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April 28, 2009

US profession calls for certainty on IFRS adoption

A number of professional accountancy and audit bodies have called for the US Securities and Exchange Commission (SEC) to set a concrete date for IFRS adoption in the US as soon as possible.

They have warned there is no incentive for companies to prepare for IFRS until there is certainty, and that a 2011 decision will not leave enough time for a 2014 adoption.

The SEC is considering a draft road map for IFRS adoption. Comments were due by 20 April. The proposed road map states that a decision will not be made until 2011. If the SEC decides then to proceed with adoption, there will be a staged transition starting from 2014 for large accelerated filers.

No incentive

The American Institute of Certified Public Accountants (AICPA), Center for Audit Quality (CAQ) and Institute of Management Accountants (IMA) warned in comment letters that the US financial reporting system will only begin to take substantive steps to prepare for IFRS once a mandatory date is set.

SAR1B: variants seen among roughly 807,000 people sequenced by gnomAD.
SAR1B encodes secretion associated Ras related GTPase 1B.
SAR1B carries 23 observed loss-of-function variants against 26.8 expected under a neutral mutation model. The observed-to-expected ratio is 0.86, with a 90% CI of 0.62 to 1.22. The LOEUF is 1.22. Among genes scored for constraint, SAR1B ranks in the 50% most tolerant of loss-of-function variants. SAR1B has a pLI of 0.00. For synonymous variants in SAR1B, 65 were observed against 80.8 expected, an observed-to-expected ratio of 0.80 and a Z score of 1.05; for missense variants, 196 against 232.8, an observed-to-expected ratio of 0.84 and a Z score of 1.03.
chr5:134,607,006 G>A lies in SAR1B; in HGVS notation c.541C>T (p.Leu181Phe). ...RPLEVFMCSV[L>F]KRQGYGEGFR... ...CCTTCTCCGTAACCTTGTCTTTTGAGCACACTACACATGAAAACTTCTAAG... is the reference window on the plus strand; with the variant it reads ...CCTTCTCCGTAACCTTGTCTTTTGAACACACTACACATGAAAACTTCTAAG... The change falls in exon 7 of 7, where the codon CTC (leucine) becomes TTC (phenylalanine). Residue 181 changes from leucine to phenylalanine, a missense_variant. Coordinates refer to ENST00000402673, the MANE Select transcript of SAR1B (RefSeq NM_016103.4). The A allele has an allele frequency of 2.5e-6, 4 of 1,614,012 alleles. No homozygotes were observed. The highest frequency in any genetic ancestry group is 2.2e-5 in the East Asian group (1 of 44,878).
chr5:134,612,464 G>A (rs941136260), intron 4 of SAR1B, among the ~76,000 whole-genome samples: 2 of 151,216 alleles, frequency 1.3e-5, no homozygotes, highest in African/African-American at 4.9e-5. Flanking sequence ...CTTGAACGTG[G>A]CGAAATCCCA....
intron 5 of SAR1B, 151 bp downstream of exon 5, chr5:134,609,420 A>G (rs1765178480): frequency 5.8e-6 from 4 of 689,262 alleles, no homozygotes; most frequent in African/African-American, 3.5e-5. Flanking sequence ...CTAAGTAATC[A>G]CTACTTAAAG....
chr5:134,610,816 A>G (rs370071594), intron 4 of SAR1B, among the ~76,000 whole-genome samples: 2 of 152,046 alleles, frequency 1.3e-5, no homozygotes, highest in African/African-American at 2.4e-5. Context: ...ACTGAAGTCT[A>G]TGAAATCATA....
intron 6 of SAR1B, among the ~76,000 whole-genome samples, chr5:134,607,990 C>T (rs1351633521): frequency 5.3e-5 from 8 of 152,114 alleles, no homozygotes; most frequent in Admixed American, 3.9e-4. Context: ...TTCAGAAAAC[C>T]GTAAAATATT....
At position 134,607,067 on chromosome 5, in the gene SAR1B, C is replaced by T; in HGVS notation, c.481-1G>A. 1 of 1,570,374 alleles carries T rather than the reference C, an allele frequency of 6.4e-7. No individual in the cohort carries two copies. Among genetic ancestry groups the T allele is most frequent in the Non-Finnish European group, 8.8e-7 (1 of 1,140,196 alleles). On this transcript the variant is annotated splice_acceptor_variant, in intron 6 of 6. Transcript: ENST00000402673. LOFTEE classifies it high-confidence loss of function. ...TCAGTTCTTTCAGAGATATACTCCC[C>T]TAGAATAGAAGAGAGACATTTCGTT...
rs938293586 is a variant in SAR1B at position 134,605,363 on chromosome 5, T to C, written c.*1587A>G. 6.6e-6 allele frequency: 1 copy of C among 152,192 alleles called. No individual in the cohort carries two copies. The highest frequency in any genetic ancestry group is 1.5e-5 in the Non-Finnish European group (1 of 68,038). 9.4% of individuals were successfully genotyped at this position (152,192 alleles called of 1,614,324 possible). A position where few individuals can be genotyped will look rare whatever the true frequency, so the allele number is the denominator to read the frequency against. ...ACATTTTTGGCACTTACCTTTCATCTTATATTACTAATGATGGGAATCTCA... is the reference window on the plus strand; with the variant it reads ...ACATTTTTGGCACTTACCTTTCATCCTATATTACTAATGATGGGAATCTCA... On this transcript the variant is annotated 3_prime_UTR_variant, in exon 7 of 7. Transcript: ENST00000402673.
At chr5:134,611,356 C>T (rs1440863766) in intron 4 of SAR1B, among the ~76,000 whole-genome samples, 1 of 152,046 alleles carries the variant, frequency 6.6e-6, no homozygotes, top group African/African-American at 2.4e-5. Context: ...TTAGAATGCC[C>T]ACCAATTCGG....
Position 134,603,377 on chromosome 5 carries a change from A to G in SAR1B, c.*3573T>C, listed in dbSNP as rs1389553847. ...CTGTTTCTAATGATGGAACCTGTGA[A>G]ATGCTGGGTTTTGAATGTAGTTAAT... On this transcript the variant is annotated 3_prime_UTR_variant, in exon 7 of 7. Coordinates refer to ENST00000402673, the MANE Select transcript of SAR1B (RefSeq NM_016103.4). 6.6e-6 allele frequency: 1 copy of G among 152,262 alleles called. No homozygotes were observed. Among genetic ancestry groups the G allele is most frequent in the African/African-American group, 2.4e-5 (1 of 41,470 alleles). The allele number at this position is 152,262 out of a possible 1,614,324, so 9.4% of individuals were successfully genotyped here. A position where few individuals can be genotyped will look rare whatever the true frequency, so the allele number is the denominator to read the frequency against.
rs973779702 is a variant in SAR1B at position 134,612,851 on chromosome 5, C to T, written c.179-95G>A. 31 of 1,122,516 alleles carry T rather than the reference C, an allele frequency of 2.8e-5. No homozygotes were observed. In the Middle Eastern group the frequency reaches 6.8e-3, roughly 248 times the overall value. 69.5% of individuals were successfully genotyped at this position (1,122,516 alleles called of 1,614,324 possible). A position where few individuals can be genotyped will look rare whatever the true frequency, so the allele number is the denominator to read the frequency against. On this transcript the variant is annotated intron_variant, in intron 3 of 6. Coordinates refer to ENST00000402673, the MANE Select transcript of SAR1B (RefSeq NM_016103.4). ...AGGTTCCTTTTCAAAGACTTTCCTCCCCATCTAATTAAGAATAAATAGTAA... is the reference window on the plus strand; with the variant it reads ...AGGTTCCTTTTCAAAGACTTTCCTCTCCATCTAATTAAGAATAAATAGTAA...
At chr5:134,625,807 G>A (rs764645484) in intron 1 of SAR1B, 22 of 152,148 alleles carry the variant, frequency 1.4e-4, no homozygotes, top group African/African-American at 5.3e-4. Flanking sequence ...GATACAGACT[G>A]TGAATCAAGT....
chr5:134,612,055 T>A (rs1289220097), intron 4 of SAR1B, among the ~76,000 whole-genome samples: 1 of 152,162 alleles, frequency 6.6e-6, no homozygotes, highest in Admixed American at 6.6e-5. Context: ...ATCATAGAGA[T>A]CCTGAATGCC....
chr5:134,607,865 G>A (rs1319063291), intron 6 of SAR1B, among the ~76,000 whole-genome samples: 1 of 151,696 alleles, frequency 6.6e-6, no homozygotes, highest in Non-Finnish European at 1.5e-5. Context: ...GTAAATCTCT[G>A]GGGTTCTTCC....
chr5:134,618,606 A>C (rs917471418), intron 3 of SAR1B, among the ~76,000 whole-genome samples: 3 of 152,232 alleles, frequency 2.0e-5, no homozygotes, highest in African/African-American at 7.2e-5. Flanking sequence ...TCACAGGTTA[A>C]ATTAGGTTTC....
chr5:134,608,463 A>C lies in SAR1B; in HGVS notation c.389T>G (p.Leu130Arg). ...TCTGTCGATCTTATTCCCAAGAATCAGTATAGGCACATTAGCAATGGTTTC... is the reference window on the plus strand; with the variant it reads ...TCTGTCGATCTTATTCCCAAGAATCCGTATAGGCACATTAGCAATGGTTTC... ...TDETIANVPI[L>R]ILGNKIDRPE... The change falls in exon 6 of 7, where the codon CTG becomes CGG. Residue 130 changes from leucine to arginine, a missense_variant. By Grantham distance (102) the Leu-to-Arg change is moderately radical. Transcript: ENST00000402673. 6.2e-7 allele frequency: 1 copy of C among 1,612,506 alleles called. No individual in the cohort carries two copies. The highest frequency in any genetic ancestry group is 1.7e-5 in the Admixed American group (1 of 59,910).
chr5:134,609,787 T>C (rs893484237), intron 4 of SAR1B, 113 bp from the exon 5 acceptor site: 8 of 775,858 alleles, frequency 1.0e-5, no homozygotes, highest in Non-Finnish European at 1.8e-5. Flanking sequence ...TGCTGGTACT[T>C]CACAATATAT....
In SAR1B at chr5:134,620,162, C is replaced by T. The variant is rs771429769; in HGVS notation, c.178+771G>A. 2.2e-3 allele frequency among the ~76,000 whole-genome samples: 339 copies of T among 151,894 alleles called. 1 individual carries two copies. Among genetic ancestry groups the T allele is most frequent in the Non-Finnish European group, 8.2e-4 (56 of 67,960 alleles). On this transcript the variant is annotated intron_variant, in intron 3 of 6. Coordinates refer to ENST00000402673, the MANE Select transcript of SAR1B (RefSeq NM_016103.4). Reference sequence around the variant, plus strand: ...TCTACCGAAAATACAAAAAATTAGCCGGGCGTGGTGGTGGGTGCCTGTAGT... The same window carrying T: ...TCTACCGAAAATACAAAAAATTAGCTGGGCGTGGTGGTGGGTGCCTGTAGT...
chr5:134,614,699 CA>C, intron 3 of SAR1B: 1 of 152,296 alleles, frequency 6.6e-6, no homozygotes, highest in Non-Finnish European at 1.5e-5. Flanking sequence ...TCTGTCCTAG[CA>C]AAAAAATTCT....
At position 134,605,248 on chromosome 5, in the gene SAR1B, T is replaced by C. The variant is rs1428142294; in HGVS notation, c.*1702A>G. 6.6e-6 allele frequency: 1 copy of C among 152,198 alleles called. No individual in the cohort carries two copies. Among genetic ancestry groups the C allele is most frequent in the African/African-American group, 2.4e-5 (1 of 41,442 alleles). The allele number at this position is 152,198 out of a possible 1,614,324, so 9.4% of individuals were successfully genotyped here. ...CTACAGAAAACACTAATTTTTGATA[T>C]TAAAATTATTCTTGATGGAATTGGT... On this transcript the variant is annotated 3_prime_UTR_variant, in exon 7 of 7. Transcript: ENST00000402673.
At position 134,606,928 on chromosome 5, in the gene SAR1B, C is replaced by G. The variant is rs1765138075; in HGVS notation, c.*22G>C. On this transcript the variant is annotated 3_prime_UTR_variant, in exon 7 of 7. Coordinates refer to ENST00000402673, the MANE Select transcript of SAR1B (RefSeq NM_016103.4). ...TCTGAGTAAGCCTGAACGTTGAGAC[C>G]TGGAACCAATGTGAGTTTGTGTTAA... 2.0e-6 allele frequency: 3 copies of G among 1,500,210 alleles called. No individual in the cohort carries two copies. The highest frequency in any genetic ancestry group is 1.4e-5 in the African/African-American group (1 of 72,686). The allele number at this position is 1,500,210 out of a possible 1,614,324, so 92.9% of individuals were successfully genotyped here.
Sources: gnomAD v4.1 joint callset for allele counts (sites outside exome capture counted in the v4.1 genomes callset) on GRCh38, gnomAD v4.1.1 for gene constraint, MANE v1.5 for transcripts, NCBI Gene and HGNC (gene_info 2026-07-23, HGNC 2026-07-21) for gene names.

“Public companies will be hesitant to commit resources toward adopting IFRS prior to having certainty around the related requirements,” the CAQ wrote.

The IMA said the SEC should make early adoption of IFRS more appealing.

“Right now we don’t believe it is attractive for companies,” president and chief executive Jeffrey Thomson said.

The organisations also warned that a 2011 decision will not provide enough time for companies to adopt IFRS by 2014. Large accelerated filers would have one year or less to make the transition because they would need audited IFRS statements for the years ending 2012, 2013 and 2014.

AICPA chief executive Barry Melancon said that if the SEC wants convergence by 2014, the decision needs to be made in 2010. If they make the decision in 2011 then 2015 or later is a reasonable date for convergence.

The organisations said the funding and governance of the IASB is an important issue to be resolved before a move to IFRS. The AICPA suggested the SEC use part of the current levy on US public companies for accounting standard-setting as a permanent funding source for the IASB.

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